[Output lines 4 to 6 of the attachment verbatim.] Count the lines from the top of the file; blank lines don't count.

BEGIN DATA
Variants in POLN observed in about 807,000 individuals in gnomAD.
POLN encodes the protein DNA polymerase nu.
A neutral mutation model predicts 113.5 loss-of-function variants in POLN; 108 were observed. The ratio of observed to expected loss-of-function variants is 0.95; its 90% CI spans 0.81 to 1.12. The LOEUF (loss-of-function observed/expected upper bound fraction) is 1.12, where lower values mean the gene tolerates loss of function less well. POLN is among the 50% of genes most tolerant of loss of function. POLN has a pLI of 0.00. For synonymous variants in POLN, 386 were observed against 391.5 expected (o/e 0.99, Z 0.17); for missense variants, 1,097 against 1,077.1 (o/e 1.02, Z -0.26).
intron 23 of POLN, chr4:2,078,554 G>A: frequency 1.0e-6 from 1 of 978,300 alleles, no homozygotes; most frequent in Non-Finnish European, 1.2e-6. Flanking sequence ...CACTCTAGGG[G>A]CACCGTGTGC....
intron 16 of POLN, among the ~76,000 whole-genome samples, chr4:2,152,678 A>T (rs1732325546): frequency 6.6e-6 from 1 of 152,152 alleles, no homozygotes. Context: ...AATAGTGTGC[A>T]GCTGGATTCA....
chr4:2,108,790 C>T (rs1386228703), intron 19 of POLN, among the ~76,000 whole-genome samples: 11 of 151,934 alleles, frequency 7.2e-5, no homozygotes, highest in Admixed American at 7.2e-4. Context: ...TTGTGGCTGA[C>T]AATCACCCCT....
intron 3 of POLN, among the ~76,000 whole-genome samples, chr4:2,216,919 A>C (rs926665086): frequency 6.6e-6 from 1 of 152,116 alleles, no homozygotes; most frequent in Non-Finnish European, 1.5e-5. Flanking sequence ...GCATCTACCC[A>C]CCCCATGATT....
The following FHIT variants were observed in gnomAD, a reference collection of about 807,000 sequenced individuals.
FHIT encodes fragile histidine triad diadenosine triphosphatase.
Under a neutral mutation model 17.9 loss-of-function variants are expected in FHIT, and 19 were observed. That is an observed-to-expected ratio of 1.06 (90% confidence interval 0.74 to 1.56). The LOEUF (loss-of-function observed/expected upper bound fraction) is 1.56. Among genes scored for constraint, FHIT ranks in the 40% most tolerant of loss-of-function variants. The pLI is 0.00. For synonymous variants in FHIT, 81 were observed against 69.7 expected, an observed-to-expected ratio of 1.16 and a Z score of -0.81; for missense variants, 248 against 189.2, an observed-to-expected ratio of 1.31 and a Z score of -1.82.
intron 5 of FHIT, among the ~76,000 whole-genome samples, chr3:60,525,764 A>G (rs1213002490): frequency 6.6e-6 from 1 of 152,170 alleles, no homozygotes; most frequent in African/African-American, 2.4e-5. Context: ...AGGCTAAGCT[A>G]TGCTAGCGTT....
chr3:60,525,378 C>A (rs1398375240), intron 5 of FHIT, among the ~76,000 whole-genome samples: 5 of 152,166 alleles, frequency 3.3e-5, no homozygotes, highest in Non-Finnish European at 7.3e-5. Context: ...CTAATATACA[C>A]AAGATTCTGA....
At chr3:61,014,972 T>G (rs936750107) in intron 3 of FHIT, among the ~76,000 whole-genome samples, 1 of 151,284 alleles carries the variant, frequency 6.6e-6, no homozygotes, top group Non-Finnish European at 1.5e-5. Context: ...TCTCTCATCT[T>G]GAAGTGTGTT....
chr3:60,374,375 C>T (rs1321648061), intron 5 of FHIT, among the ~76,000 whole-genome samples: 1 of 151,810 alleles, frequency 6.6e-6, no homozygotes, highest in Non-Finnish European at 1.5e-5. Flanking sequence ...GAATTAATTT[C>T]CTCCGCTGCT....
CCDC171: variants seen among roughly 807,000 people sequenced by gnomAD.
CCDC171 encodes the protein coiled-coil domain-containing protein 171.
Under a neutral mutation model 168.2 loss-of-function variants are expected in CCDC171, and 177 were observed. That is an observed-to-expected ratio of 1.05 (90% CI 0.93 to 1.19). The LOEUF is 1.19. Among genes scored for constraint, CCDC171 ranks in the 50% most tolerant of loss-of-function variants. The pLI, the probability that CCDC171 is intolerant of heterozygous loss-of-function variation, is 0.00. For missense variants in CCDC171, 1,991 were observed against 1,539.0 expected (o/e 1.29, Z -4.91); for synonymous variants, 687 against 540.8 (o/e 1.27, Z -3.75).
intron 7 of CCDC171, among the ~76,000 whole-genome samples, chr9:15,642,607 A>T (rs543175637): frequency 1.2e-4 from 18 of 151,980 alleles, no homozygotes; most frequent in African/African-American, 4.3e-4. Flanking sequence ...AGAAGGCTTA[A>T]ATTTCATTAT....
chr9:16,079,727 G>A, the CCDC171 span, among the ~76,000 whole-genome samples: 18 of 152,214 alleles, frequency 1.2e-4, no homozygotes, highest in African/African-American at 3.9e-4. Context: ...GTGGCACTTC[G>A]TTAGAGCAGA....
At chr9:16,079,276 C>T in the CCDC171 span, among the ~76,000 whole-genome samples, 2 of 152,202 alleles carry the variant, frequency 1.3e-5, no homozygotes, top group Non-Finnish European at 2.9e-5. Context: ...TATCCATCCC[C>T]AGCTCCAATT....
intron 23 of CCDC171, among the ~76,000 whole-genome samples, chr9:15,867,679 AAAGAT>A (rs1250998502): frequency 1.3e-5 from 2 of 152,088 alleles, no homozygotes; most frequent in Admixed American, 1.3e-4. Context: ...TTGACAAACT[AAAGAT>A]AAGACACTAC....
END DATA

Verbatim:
intron 23 of POLN, chr4:2,078,554 G>A: frequency 1.0e-6 from 1 of 978,300 alleles, no homozygotes; most frequent in Non-Finnish European, 1.2e-6. Flanking sequence ...CACTCTAGGG[G>A]CACCGTGTGC....
intron 16 of POLN, among the ~76,000 whole-genome samples, chr4:2,152,678 A>T (rs1732325546): frequency 6.6e-6 from 1 of 152,152 alleles, no homozygotes. Context: ...AATAGTGTGC[A>T]GCTGGATTCA....
chr4:2,108,790 C>T (rs1386228703), intron 19 of POLN, among the ~76,000 whole-genome samples: 11 of 151,934 alleles, frequency 7.2e-5, no homozygotes, highest in Admixed American at 7.2e-4. Context: ...TTGTGGCTGA[C>T]AATCACCCCT....